By ALAN BLINDER and JONATHAN MARTIN
GADSDEN, Ala. – Roy Moore, the embattled Republican Senate nominee in Alabama, moved Saturday to discredit the women who accused him of sexual misconduct, and his party’s most powerful figures became increasingly desperate to end a campaign that they worried would undermine their candidates nationwide.
Moore won at least one battle in his efforts to salvage his candidacy – Gov. Kay Ivey rebuffed calls that she postpone next month’s election, which could leave Republicans with a narrower majority in Washington – but his supporters and detractors alike believed that his campaign remained in jeopardy.
“People have waited until four weeks prior to the general election to bring their complaints,” Moore, 70, said during a Veterans Day event in Vestavia Hills, near Birmingham. “That’s not a coincidence – it’s an intentional act to stop a campaign.”
Moore has denied the allegations The Washington Post published Thursday, including that he molested a 14-year-old girl, Leigh Corfman, when he was 32. “I have not been guilty of sexual misconduct with anyone,” said Moore, who added that he has “the highest regard for the protection of young children.”
He won applause at the event Saturday when he said it was “unbelievable” that a “grown woman would come forward” about 40 years after she said the overtures took place, and this close to the election to fill the seat Attorney General Jeff Sessions held until this year. And Moore, twice effectively removed as the state’s ranking jurist, noted that he had long been among the most scrutinized politicians in Alabama.
“I’ve been investigated more than any other person in this country,” he said.
Although many of Moore’s supporters in Alabama share his fury and have expressed it in far harsher tones, Republicans have been abandoning Moore since The Post published its article, which included allegations of sexual advances from three other women.
Beyond their public condemnations of Moore, some Republicans have been searching for ways to short-circuit his candidacy. Some had favored pressing Ivey to move the Dec. 12 special election.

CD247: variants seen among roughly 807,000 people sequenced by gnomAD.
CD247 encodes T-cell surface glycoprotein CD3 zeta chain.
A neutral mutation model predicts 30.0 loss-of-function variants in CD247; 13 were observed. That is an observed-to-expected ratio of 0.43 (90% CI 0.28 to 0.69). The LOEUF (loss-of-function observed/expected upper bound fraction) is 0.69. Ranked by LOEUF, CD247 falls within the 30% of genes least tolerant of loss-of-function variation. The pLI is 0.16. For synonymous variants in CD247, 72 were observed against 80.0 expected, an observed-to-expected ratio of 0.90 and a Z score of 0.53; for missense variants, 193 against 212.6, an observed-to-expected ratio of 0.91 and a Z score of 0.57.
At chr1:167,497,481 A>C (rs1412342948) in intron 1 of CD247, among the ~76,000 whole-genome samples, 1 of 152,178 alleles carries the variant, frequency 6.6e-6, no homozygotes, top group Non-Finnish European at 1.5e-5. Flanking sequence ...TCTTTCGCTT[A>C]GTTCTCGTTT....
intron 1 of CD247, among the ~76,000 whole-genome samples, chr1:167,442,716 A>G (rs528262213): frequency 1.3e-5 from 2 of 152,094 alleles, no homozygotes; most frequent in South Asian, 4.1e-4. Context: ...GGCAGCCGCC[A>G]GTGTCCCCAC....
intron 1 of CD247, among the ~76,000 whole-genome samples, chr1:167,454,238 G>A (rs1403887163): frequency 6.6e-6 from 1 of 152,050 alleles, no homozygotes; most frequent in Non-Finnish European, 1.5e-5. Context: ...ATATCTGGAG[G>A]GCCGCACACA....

But on Saturday, her office abruptly cut off discussion about the idea.
“Gov. Ivey is not considering and has no plans to move the special election for U.S. Senate,” a spokesman, Daniel Sparkman, said in an email. On Thursday, Ivey said that the allegations were “deeply disturbing” and that “the people of Alabama deserve to know the truth and will make their own decisions.”
Although Ivey’s decision was something of a relief for Moore, other Republicans criticized him Saturday. Sen. Bob Corker of Tennessee was unsparing on Twitter: “Look, I’m sorry, but even before these reports surfaced, Roy Moore’s nomination was a bridge too far.”
Moore is a popular figure among many Alabama Republicans, but party officials fear that if he is elected, he will be an albatross around the necks of their lawmakers and candidates nationwide for years to come. In Washington, Republicans pleaded for President Donald Trump, who endorsed Moore’s opponent, Sen. Luther Strange, in the primary, to intervene.
But taking questions from reporters aboard Air Force One as he flew to Hanoi, Vietnam, Trump, who himself has been accused by multiple women of sexual harassment, signaled he was reluctant to reinsert himself in the same Alabama race where his endorsement was so thoroughly disregarded in September.
“I have not seen very much about him, about it,” Trump said, noting that he had put out a statement through his press secretary Friday saying that if the allegations were true, Moore would “do the right thing” and withdraw.
Pressed about the allegations from the four women, Trump declined to say whether he believed the accounts.
“Honestly, I’d have to look at it and I’d have to see,” Trump said. “I’m dealing with the folks over here, so I haven’t devoted – I haven’t been able to devote very much time to it.”
Trump said he was sticking by his statement, which also said that “a mere allegation,” particularly from many years ago, should not be enough to ruin a person’s life. But he did not rule out abandoning Moore.
“I have to get back into the country to see what’s happening,” he said.
Corfman said Saturday that a firestorm of criticism from Moore’s supporters – one of them, a state legislator, suggested that she be prosecuted “for lying” – had not deterred her.
“I stand by my story,” she said.
A lawyer for Gloria Thacker Deason, who said she had dated Moore when she was 18 and he was in his 30s, attacked Moore’s speech.
“He knows full well why these women did not tell what he did to them before this week,” the lawyer, Paula Cobia, said in an email. “As young teenage girls in the late 1970s, they had no way of knowing their rights, especially against him, considering he was a district attorney at the time.”
Cobia demanded that Moore “immediately retract his defamatory statements.”